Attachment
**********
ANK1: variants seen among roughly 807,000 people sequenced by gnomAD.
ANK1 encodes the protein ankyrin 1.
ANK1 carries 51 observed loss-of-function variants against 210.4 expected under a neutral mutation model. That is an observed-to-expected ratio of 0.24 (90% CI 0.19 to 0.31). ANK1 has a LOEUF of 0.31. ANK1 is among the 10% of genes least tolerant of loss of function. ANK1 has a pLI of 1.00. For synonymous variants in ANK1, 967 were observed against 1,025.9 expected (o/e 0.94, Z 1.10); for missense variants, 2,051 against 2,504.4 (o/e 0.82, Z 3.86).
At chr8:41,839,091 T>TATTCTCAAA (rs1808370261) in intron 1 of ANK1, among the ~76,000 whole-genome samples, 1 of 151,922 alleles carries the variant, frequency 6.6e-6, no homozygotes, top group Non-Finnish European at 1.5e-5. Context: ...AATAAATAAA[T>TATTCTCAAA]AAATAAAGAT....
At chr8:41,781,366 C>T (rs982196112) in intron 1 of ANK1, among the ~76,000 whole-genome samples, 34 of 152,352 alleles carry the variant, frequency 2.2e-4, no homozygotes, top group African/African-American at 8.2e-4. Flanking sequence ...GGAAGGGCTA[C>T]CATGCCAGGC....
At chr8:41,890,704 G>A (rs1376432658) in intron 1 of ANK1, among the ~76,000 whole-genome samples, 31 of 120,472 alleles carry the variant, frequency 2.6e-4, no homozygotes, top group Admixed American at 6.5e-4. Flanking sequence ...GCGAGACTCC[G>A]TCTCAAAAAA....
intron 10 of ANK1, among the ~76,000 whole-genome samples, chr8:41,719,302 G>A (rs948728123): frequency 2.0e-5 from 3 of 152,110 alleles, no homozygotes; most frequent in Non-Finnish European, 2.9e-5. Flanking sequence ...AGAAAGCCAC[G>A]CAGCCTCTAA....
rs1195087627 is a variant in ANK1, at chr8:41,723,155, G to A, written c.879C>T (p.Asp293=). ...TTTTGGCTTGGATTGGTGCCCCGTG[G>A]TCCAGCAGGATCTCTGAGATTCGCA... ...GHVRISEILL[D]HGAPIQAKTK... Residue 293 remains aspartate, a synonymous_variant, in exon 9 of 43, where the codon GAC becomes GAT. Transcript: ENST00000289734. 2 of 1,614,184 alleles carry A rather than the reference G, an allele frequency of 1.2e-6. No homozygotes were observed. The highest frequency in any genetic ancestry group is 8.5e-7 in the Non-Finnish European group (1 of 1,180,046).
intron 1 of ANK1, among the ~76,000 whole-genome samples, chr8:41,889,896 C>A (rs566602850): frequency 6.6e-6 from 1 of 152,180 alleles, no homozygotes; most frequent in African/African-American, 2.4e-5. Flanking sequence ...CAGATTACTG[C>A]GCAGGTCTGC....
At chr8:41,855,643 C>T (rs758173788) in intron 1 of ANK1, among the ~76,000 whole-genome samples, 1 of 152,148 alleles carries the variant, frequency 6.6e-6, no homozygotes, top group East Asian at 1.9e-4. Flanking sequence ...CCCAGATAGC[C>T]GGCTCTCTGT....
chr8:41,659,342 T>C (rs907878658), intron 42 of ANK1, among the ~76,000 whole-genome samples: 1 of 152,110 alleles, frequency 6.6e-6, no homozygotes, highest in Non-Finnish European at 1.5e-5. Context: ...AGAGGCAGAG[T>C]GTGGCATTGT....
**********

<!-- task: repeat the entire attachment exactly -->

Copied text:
ANK1: variants seen among roughly 807,000 people sequenced by gnomAD.
ANK1 encodes the protein ankyrin 1.
ANK1 carries 51 observed loss-of-function variants against 210.4 expected under a neutral mutation model. That is an observed-to-expected ratio of 0.24 (90% CI 0.19 to 0.31). ANK1 has a LOEUF of 0.31. ANK1 is among the 10% of genes least tolerant of loss of function. ANK1 has a pLI of 1.00. For synonymous variants in ANK1, 967 were observed against 1,025.9 expected (o/e 0.94, Z 1.10); for missense variants, 2,051 against 2,504.4 (o/e 0.82, Z 3.86).
At chr8:41,839,091 T>TATTCTCAAA (rs1808370261) in intron 1 of ANK1, among the ~76,000 whole-genome samples, 1 of 151,922 alleles carries the variant, frequency 6.6e-6, no homozygotes, top group Non-Finnish European at 1.5e-5. Context: ...AATAAATAAA[T>TATTCTCAAA]AAATAAAGAT....
At chr8:41,781,366 C>T (rs982196112) in intron 1 of ANK1, among the ~76,000 whole-genome samples, 34 of 152,352 alleles carry the variant, frequency 2.2e-4, no homozygotes, top group African/African-American at 8.2e-4. Flanking sequence ...GGAAGGGCTA[C>T]CATGCCAGGC....
At chr8:41,890,704 G>A (rs1376432658) in intron 1 of ANK1, among the ~76,000 whole-genome samples, 31 of 120,472 alleles carry the variant, frequency 2.6e-4, no homozygotes, top group Admixed American at 6.5e-4. Flanking sequence ...GCGAGACTCC[G>A]TCTCAAAAAA....
intron 10 of ANK1, among the ~76,000 whole-genome samples, chr8:41,719,302 G>A (rs948728123): frequency 2.0e-5 from 3 of 152,110 alleles, no homozygotes; most frequent in Non-Finnish European, 2.9e-5. Flanking sequence ...AGAAAGCCAC[G>A]CAGCCTCTAA....
rs1195087627 is a variant in ANK1, at chr8:41,723,155, G to A, written c.879C>T (p.Asp293=). ...TTTTGGCTTGGATTGGTGCCCCGTG[G>A]TCCAGCAGGATCTCTGAGATTCGCA... ...GHVRISEILL[D]HGAPIQAKTK... Residue 293 remains aspartate, a synonymous_variant, in exon 9 of 43, where the codon GAC becomes GAT. Transcript: ENST00000289734. 2 of 1,614,184 alleles carry A rather than the reference G, an allele frequency of 1.2e-6. No homozygotes were observed. The highest frequency in any genetic ancestry group is 8.5e-7 in the Non-Finnish European group (1 of 1,180,046).
intron 1 of ANK1, among the ~76,000 whole-genome samples, chr8:41,889,896 C>A (rs566602850): frequency 6.6e-6 from 1 of 152,180 alleles, no homozygotes; most frequent in African/African-American, 2.4e-5. Flanking sequence ...CAGATTACTG[C>A]GCAGGTCTGC....
At chr8:41,855,643 C>T (rs758173788) in intron 1 of ANK1, among the ~76,000 whole-genome samples, 1 of 152,148 alleles carries the variant, frequency 6.6e-6, no homozygotes, top group East Asian at 1.9e-4. Flanking sequence ...CCCAGATAGC[C>T]GGCTCTCTGT....
chr8:41,659,342 T>C (rs907878658), intron 42 of ANK1, among the ~76,000 whole-genome samples: 1 of 152,110 alleles, frequency 6.6e-6, no homozygotes, highest in Non-Finnish European at 1.5e-5. Context: ...AGAGGCAGAG[T>C]GTGGCATTGT....